How did these comics make their way from your notebook to the world?

I worked at the publications department of the Folk Art Museum and it was a really supportive office. The guy who worked in the mailroom knew all about my comics and my boss knew all about it. My friend who was the production editor helped me lay them out in QuarkXPress. And then I printed it out on the Xerox machine and stapled it and brought it to shows. I started making some friends and we had this weekly get together, and so I started getting to know some cartoonists more and I would hear gossip and learn about other cartoonists and I would see other people’s comics. And I started going to some more shows, like SPX in Maryland, and then I started going to APE in San Francisco. And I just figured that I would keep self-publishing these comics and just keep living my life, and maybe if I kept doing it for several more years I’d approach a small publisher and be like, “Maybe you’d like to put together a Spaniel Rage collection.” But what happened is that I started to be in a couple of anthologies and so I just … comics is a pretty welcoming community. Sammy Harkham showed my comic to Alvin Buenaventura’s wife and she really liked it. And so then Alvin contacted me about publishing it. And I was just shocked, because at that point the only people who were published were established or famous cartoonists; like, being published itself was a mark of being established. And so I wasn’t sure if I was ready for it, but I just decided, like, you wouldn’t say no, so I did it.

How do you feel about Spaniel Rage now that it’s being reissued by Drawn and Quarterly, more than a decade after it was originally published?

The thing that I love most about Spaniel Rage is that it speaks to the wide-open possibilities of comics; that they’d publish something so inexperienced and raw. Both the fact that Alvin published it, that people liked it, and that now Drawn and Quarterly is rereleasing it, because I think in most other art forms what’s celebrated is being a master and knowing what you’re doing and doing it really well. For me what I think is really being revealed in Spaniel Rage is that process: the process of learning how to draw or learning what to write about or learning what works, and what’s funny and what’s not, and what’s deep and what’s shallow. Basically, what I was impressed by with comics in general was the wide-open possibilities of the forms they could take. And then Spaniel Rage being published kind of confirmed all of those impressions, because I was such a newbie.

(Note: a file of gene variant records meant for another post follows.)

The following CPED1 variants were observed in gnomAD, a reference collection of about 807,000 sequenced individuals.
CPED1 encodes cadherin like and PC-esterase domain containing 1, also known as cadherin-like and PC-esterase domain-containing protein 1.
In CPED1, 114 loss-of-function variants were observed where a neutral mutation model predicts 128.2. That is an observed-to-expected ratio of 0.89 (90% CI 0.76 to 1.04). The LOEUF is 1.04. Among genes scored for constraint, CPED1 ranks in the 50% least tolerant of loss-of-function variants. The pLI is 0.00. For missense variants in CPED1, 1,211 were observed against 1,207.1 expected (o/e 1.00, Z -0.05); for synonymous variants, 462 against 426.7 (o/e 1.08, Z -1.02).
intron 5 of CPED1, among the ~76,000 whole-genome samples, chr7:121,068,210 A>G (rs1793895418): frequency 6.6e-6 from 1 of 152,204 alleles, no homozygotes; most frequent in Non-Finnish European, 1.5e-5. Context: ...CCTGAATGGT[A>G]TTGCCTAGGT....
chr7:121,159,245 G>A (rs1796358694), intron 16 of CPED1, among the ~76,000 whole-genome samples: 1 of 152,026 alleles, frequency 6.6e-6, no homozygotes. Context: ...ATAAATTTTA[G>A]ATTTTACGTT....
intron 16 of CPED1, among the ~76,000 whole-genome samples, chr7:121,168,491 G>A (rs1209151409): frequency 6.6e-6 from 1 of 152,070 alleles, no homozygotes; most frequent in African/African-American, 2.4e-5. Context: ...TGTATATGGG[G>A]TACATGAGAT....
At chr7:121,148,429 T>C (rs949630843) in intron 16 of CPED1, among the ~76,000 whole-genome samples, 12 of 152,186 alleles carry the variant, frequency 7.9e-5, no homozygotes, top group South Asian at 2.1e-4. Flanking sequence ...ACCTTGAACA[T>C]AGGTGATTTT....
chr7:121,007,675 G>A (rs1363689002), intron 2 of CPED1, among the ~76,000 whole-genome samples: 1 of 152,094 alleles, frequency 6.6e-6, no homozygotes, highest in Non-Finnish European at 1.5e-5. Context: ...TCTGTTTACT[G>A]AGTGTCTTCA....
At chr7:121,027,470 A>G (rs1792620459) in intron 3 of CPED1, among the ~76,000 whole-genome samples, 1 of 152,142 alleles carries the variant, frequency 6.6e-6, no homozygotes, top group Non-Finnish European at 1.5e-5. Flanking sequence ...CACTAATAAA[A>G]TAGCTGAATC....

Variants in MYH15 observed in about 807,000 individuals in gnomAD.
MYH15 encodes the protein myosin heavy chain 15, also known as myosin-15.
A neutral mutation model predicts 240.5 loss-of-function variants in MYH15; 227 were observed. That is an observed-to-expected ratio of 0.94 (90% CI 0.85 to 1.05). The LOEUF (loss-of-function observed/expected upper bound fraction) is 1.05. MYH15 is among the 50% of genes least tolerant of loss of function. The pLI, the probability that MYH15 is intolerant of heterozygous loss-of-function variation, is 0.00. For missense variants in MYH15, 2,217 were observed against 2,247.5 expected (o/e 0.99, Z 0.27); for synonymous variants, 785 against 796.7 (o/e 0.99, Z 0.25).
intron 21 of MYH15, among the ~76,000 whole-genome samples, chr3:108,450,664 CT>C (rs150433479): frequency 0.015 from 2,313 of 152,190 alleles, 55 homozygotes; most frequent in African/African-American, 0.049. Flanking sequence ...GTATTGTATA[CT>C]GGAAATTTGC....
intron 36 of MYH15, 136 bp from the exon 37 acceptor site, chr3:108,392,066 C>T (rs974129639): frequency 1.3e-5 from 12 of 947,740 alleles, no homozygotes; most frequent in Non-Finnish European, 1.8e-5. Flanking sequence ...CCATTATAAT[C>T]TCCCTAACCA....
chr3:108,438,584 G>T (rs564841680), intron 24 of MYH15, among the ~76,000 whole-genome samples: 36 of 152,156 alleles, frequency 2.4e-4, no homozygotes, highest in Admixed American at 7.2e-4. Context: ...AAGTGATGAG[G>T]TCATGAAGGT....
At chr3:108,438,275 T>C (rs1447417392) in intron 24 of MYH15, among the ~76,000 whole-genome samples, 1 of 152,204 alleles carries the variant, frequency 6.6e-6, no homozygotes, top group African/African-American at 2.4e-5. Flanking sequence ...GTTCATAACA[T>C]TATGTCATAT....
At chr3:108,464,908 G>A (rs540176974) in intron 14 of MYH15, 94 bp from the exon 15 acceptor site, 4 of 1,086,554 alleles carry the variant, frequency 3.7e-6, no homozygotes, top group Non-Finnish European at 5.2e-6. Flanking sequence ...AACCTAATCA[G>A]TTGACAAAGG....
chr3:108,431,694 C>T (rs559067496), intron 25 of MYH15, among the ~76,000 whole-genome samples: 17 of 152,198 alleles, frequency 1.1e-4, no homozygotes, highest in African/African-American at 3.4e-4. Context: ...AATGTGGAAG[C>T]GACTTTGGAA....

“This Practical and Romantic Thing”

Did you have a fantasy that publication would change everything about your life?

I mean, sure I had that fantasy, but I also couldn’t imagine in what way it would. Nothing really changed. Well, that’s not true. I definitely had a lot more exposure to other cartoonists and I got a lot of really good feedback and I enjoyed being the new pony [laughter] and it was like a party. I got a lot of attention and that was really fun, and that was pretty much it. I didn’t really know how to parlay that into the next thing. And I started dating Trevor [the cartoonist Trevor Alixopulos], my boyfriend, right after the time that Spaniel Rage came out, and so that was also a big disruption, where I was like, “What am I going to do about that?” because he lived in California and I lived in New York. I wasn’t really making ends meet in New York, and I wanted to be more serious about comics, whatever that meant, and I was still so young that I could just see what unfolded. And when I visited Trevor he was living in Santa Rosa, which is—compared to New York—a smaller town, and you could work half-time. And it seemed like you could afford to be an artist there in a way that you couldn’t in New York. And so it was sort of this practical and romantic thing where I was embracing both Trevor and comics: like everything would become more serious by moving out there.